By MIKE HARDEN
Scripps Howard News Service
April 21, 2005
You are peacefully mowing the back yard when a distraught young woman stumbles out of a nearby tree line. She is dazed and disheveled. It is clear that she has been attacked.
Do you call 911?
Or do you call the neighborhood civic association president to assess the potential collateral damage from getting police and emergency officials involved? It could affect the neighborhood's image, might even drive down real-estate values.
Of course you call 911, unless you also happen to be an administrator at Mifflin High School in Columbus, Ohio.
At this writing, the aftershocks from the sexual assault March 9 on a 16-year-old girl who is a developmentally disabled student are rumbling across the United States.
Police recommend charging two male students with delinquency counts of rape and a third, who is accused of videotaping the attack, with pandering obscenity.
The Mifflin principal is being fired, and three of her assistants have been suspended for 10 days and will be reassigned to other schools.
The punishment for the latter three is insufficient. The Ohio Department of Education should yank their licenses as teachers and administrators. As "mandated reporters" of such crimes, the administrators should be charged with the appropriate misdemeanor for failing to do so.
What they did was unconscionable. Had it been murder instead of rape, that sort of mentality would first look for a place to stow the body until damage-control measures could be mounted.
The school district would likely prefer that we believe the incident at Mifflin is isolated to the school.
Tension simmers between the high school's black American and Somali students. A year ago, two Mifflin students kidnapped a 24-year-old woman from her garage because they needed gas money. They locked the woman in her car trunk, doused her and the vehicle with gasoline and then set it afire. A third Mifflin student was later found guilty of using the slain woman's stolen ATM card.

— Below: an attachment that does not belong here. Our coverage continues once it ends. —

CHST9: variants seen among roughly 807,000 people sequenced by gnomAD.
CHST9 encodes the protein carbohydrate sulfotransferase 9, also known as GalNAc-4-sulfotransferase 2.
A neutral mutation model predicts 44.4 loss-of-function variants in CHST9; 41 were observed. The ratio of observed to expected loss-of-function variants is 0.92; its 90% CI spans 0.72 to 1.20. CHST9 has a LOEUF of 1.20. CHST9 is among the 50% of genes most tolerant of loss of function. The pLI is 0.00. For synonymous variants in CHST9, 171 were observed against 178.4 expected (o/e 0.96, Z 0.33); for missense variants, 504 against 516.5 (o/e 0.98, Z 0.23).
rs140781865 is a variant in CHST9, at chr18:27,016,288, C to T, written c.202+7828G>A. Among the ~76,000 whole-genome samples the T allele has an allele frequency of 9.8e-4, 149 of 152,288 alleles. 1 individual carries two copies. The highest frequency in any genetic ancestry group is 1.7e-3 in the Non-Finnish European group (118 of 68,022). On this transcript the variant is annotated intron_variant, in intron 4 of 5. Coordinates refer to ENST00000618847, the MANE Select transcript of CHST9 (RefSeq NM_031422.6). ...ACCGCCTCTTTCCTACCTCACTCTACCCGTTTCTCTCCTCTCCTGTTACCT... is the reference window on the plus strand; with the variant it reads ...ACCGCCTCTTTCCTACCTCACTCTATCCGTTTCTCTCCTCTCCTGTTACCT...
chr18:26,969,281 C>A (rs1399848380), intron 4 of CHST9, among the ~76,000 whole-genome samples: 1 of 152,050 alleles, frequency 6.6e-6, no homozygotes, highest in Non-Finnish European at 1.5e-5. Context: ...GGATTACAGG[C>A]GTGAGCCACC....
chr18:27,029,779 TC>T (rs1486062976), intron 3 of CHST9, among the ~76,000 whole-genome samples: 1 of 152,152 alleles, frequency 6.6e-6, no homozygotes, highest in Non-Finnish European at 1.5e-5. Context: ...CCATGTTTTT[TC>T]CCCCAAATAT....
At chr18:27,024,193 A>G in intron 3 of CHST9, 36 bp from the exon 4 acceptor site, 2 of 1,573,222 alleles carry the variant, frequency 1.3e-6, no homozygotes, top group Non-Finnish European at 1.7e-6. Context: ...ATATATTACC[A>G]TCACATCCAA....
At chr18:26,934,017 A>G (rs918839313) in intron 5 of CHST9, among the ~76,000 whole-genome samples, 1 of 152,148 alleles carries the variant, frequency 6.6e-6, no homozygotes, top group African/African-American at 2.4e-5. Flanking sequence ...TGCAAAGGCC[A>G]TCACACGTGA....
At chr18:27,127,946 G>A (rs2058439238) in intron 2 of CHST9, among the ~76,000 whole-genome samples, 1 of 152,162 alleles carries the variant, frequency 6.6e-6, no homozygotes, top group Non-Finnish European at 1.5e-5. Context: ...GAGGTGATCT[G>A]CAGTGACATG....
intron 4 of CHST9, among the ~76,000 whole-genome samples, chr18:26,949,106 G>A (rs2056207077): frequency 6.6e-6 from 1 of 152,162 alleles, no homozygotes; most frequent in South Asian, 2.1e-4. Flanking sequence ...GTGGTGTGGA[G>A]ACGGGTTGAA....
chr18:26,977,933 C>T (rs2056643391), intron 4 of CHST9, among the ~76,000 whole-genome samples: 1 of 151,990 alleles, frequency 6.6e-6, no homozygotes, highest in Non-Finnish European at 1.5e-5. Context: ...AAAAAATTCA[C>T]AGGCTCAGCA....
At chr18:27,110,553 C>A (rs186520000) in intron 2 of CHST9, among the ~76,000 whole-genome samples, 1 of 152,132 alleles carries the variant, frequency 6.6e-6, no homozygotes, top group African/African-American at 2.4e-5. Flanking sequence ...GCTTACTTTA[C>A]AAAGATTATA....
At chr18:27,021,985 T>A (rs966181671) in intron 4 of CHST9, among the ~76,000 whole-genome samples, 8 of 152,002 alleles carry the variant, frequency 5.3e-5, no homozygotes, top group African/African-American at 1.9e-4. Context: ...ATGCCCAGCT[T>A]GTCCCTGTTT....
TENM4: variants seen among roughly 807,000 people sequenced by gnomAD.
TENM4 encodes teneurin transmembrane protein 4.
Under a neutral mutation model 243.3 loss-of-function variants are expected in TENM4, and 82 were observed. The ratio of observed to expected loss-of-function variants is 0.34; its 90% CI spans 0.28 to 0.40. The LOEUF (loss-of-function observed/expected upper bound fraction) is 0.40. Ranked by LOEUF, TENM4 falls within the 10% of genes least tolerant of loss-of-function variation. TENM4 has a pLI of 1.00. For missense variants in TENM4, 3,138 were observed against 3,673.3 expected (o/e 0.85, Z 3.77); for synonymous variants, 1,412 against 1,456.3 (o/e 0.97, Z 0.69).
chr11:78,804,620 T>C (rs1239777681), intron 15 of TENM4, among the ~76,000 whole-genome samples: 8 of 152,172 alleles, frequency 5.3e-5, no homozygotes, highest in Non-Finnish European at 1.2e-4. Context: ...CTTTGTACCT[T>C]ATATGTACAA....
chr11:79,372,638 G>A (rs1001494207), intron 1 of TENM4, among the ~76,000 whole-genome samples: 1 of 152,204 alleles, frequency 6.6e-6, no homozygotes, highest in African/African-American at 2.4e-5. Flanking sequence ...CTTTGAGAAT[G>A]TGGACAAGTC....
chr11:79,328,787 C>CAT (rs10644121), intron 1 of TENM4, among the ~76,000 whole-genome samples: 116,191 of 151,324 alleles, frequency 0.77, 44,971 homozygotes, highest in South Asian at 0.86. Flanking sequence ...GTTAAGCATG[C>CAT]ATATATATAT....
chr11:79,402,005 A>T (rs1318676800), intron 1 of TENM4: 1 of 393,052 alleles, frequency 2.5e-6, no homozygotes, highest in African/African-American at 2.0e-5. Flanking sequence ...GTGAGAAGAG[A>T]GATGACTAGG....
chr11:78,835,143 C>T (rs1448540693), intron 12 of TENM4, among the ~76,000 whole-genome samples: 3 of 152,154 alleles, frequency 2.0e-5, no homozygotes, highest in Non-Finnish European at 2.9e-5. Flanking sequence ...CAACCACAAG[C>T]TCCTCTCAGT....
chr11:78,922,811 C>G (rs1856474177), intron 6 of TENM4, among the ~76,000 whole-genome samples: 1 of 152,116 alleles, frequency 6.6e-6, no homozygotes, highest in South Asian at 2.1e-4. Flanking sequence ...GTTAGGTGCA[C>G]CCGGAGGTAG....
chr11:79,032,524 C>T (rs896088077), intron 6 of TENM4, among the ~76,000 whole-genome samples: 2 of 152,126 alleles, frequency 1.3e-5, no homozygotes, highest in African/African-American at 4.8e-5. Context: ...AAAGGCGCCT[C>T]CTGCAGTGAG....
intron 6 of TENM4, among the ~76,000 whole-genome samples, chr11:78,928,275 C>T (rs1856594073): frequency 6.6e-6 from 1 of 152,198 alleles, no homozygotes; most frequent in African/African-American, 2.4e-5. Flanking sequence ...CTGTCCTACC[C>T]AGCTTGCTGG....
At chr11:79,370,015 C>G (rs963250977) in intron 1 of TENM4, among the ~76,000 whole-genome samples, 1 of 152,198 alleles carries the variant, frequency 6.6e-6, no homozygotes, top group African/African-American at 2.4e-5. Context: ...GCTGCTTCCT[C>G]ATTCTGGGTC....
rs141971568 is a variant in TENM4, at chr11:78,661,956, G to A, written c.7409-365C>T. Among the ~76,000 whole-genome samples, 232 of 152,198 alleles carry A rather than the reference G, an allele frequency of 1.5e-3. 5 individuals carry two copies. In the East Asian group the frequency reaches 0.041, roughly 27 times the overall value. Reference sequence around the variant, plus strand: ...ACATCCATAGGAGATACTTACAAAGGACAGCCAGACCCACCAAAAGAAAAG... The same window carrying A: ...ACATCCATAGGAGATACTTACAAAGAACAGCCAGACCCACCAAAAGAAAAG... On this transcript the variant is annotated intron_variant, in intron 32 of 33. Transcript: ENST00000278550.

So it is just the school, right?
A fish rots from the head down.
"We hear of people being told not to call 911," said Rhonda Johnson, president of the teachers union, the Columbus Education Association. "There was a teacher at a North Side elementary school who passed out in a diabetic coma. The gym teacher found the woman on the floor of her classroom and dialed 911, and he was reprimanded by the principal."
Until the Mifflin incident exploded, Johnson said, she had been scheduled for a meeting this week on a case involving yet another Columbus teacher reprimanded for calling 911.
In August, at a district-sponsored Administrators Leadership Academy, she asked school administrators from across the city who they would least like to see show up at their school - the union, a school-board member, the superintendent of schools or the news media. The media won handily.
The school district is paying Gayle Saunders, a special assistant and education administrative specialist, a six-figure salary to handle media relations. She could earn her money by dispensing the most simple of directives: When a crime against a student has been committed, forget image. Instead, act as a concerned parent would.
After all, after the attack, it was not a school administrator who called the police, but a concerned parent. How grievously sad it is that the parent was the father of the rape victim.